On Thursday, just half a block from the “Welcome to the United States of America” sign that greets people entering Brownsville via the international bridge, two Department of Homeland Security agents guarded a chain-link gate. 

Unfolding behind the gate is a new experiment launched in South Texas this week by the Trump administration that targets the stream of asylum-seeking migrants from Central America. First started in the El Paso Border Patrol sector, the controversial Migrant Protection Protocols, better-known as “Return to Mexico,” are now underway in the Rio Grande Valley and Laredo sectors. Under MPP, once migrants seek asylum, they are given a hearing date and sent back to Mexico to wait, ostensibly to the protection of Mexican federal authorities who have promised to house and guard the migrants. But in Matamoros, at the opposite end of the international bridge from Brownsville, more than six hundred people live in tents on the streets—bathing and washing their clothes in the nearby Rio Grande. Immigrant advocates say they are vulnerable to cartels and other criminal predators. Day in and day out, the small city of migrants, most of whom are children, are at the mercy of church groups and nonprofits from both sides of the border for meals. 

And unlike the MPP proceedings in San Diego and El Paso, the court hearings here are happening in secret. Despite, or maybe because of, concerns over due process and the dangers posed to migrants forced to wait in Mexico, the Department of Homeland Security has cloaked the process in a gauze of confusion, bureaucracy, and secrecy. 

On Thursday, after a number of apparent false starts, the government finally started bringing migrants from Matamoros to Brownsville for hearings in hastily erected tents. In the morning, about 25 immigrant advocates and attorneys gathered near the “welcome to America” sign. Their goal: to get past those two guards to observe what they view as an illegal judicial process. As commuters streamed across the international port of entry a mere 25 yards away, the group marched toward the Homeland Security officers, in a scene reminiscent of the movie Gandhi. One by one, people approached the two agents and politely asked to be let in to view a hearing. Just as politely, the two men declined. Only attorneys who had already connected with clients would be allowed inside—almost surely a tiny fraction of all the migrants in the “Return to Mexico” program.

Karla Vargas, with the Texas Civil Rights Project, condemned the lack of access as illegal.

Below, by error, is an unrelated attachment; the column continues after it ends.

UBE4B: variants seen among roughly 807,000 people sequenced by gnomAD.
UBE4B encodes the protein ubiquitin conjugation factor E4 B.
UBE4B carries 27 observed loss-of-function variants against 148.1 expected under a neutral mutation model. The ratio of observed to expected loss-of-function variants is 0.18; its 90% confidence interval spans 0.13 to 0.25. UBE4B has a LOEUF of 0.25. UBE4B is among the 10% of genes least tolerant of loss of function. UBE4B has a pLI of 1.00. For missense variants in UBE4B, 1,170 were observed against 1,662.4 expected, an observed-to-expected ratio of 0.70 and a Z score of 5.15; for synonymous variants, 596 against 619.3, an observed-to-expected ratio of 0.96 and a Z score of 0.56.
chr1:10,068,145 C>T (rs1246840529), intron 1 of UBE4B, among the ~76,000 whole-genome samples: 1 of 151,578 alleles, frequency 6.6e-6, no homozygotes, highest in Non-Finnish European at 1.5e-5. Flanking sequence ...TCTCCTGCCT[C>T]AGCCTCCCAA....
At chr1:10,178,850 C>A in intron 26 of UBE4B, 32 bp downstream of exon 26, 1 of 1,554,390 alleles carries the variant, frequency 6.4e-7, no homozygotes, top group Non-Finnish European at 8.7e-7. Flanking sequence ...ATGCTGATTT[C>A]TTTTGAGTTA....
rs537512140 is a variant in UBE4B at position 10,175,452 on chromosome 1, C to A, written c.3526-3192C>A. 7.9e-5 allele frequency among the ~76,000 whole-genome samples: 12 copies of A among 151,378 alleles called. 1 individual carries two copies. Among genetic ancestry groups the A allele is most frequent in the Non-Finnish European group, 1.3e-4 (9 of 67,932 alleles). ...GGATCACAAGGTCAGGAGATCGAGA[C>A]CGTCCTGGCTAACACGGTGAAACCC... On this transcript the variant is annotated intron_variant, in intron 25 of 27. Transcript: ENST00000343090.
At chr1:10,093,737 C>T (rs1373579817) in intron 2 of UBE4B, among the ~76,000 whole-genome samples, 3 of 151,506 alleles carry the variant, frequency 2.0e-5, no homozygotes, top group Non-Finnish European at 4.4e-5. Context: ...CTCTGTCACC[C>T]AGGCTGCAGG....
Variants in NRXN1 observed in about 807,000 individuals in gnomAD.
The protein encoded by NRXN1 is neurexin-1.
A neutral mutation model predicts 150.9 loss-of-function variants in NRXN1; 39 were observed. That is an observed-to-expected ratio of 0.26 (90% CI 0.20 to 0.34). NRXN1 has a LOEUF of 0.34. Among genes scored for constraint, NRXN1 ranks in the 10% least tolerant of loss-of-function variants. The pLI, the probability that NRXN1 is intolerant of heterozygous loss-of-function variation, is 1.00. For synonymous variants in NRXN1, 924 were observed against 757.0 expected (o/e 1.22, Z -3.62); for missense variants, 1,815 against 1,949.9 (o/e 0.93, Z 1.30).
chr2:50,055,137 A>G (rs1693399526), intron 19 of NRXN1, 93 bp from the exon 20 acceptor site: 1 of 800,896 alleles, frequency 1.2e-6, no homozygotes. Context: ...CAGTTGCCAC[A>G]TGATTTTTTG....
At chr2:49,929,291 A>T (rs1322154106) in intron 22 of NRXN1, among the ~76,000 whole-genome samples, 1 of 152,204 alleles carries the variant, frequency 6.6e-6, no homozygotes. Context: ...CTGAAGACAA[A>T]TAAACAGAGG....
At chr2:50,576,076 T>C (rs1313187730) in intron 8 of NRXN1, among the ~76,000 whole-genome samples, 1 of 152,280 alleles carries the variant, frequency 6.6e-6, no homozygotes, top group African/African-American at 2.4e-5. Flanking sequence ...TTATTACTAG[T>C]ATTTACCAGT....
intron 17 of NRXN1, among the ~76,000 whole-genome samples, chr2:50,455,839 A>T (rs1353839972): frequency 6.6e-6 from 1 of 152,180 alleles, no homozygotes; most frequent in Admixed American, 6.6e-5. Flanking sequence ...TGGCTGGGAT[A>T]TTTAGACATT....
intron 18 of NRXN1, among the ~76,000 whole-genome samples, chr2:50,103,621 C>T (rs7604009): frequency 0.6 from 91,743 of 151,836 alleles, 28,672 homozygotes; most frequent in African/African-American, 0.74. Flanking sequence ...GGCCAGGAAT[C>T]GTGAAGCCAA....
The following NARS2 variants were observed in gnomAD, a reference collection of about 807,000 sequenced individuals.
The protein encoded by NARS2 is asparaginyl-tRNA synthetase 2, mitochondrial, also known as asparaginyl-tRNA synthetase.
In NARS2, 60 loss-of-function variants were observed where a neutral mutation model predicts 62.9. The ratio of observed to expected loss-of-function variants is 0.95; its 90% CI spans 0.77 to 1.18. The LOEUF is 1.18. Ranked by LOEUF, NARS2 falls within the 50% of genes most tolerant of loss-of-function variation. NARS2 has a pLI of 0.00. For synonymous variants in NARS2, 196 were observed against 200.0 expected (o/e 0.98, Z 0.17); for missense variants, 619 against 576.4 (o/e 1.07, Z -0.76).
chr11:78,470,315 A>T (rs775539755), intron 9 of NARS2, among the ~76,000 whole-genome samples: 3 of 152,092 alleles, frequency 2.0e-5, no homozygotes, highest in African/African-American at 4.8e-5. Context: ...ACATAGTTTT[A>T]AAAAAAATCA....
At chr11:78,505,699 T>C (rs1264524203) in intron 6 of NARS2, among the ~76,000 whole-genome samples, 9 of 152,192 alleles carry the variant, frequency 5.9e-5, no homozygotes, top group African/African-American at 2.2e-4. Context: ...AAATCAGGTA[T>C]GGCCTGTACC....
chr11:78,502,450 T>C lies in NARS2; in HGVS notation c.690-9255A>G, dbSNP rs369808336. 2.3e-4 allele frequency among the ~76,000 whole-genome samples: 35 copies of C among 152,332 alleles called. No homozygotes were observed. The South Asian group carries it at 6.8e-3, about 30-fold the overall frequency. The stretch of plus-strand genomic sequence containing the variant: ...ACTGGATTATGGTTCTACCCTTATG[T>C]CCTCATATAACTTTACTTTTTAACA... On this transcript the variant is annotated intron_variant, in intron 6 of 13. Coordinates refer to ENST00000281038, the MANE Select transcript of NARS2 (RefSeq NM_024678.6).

“It’s impossible to overstate how violating this is for the rights of asylum-seekers,” Vargas said. “An overwhelming amount of asylum-seekers do not have access to counsel. Federal law dictates that these courts remain open to the public, and it is crucial for us to be able to access the courts so that we can make sure the rights of asylum-seekers are being respected.”

Meanwhile, several other attorneys went to the courtroom of immigration judge Delia Gonzalez in Harlingen to witness the proceedings. Carlos Garcia, an Edinburg immigration attorney, said six migrants were scheduled to have hearings; only two showed up and neither had an attorney. Both of them were told to return in October for another hearing.

“It was apparent that they were extremely confused about the process,” Garcia said. The complexities of asylum claims are mitigated by a lawyer explaining the process. But Garcia said migrants in Mexico have a tough time securing lawyers in the United States. “I was wondering where the four people were who didn’t show and why.”

On Wednesday, hours before I was scheduled to take a tour of the tent courtrooms—a visit that had been facilitated by U.S. Representative Filemon Vela, D-Brownsville, and approved by local immigration authorities—officials with Homeland Security in Washington, D.C., abruptly canceled the tour.

Asked for comment, a senior DHS official agreed to release a statement only if his name wasn’t used. He said that the “nature of the temporary hearing facilities”—located so close to ports of entry—necessitated that they “not be open to in-person public access, including media access.”

Homeland Security officials have also noted that the public can watch the proceedings, which are conducted via closed-circuit TV, from the courtrooms of the immigration judges. However, the judges hearing the cases in Brownsville could be located anywhere in the country.

Vela has condemned the process as unconstitutional. “It is no wonder that Trump endears himself to Vladimir Putin and Kim Jung Un,” he said. “His Migrant Protection Protocol is nothing more than a glaring obliteration of our Constitutional due process protections. The administration’s decision to block the press from the ensuing judicial process is a contemptible attack on the First Amendment.”